This thesis is concerned with developing a wholistic description of biological membranes: fascinating materials that make up the boundary of the cell, as well as many of the cell’s internal organelles. Our formulation of the theory of such materials relies on two well-known concepts: differential geometry and irreversible thermodynamics. The setting of differential geometry allows us to describe curves and surfaces, which in this case are embedded in the three-dimensional Euclidean space, while irreversible thermodynamics provides a theoretical framework to develop constitutive relations between the various thermodynamic forces and fluxes in a system. Both concepts are well-known, and are reviewed in Part A.
We build on these classic results in Part B, and develop the theory of irreversible thermodynamics for arbitrarily curved and deforming lipid membranes. In particular, we treat the membrane as a two-dimensional surface, in which lipids flow in-plane as a two-dimensional fluid while the membrane bends out-of-plane as an elastic shell. We then obtain the fundamental balance laws of mass, linear momentum, angular momentum, energy, and entropy, as well as the second law of thermodynamics. Finally, we apply the framework of irreversible thermodynamics to determine appropriate constitutive relations, and substitute them into the balance laws to obtain the equations governing membrane dynamics. Our main result is to present the equations of motion and appropriate boundary conditions for three systems of increasing complexity: (i) a compressible, inviscid membrane, (ii) a compressible, viscous membrane, and (iii) an incompressible, viscous membrane.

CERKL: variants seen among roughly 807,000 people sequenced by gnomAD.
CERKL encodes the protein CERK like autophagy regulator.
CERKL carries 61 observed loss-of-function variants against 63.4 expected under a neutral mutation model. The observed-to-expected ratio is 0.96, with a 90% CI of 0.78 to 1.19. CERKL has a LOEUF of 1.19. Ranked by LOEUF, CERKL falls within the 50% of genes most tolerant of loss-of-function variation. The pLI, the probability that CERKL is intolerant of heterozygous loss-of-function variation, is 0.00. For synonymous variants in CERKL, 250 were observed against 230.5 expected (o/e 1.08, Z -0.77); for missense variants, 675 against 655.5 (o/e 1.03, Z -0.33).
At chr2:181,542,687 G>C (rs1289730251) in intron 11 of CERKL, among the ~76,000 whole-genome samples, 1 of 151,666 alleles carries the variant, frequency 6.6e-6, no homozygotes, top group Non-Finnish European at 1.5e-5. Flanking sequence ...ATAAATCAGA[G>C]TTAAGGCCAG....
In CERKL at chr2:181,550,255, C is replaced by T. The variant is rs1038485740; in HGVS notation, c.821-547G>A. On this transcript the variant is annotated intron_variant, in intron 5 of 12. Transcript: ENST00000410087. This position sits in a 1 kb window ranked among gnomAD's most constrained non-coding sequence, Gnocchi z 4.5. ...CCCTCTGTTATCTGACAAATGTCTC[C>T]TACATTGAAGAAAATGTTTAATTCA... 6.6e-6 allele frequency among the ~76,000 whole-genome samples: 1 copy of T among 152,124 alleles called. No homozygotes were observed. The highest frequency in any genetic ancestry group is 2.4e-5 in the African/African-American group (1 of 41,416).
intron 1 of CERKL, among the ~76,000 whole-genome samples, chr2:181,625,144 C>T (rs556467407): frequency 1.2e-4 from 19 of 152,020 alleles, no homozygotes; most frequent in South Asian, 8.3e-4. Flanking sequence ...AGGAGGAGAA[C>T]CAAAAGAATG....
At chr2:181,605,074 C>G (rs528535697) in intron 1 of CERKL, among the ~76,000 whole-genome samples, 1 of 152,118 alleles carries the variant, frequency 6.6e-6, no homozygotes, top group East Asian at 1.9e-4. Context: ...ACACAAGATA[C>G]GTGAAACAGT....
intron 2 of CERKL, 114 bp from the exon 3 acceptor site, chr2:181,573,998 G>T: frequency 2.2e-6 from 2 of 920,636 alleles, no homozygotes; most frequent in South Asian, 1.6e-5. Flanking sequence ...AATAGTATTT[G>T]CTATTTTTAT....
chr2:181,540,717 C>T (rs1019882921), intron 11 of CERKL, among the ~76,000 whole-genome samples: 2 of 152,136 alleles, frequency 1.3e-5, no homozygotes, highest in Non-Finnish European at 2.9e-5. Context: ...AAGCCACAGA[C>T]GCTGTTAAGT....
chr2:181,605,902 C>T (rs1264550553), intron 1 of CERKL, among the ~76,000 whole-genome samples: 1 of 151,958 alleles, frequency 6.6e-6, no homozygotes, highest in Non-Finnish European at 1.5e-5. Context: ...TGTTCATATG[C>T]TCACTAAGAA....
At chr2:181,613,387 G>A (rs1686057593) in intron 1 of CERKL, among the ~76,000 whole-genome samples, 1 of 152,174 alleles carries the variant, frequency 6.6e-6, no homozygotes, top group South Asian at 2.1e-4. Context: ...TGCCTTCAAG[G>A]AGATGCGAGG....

Part C of this thesis focuses on applications of the single-component theory. We begin by specializing the general governing equations to three commonly observed geometries in biological systems: planar sheets, spherical vesicles, and cylindrical tubes. A scaling analysis of the resultant equations reveals membrane dynamics are governed by two dimensionless numbers. The well-known Föppl–von Kármán number, Γ, compares tension forces to the familiar elastic bending forces, while a new dimensionless quantity—which we name the Scriven–Love number, SL—compares out-of-plane forces arising from the in-plane, intramembrane viscous stresses to bending forces. Calculations of non-negligible Scriven–Love numbers in various biological processes and in vitro experiments show in-plane intramembrane viscous flows cannot generally be ignored when analyzing lipid membrane behavior, and can never be ignored in lipid membrane tubes. Moreover, a stability analysis indicates membrane tubes are unstable above a critical value of Γ, while SL governs the spatiotemporal evolution of the deforming membrane. We close by investigating a novel hydrodynamic instability in which an initially local disturbance to an unstable tube yields propagating fronts, which leave a thin atrophied tube in their wake. Depending on the value of the Föppl–von Kármán number Γ, the thin tube is connected to the unperturbed regions via oscillatory or monotonic shape transitions—reminiscent of recent experimental observations on the retraction and atrophy of axons.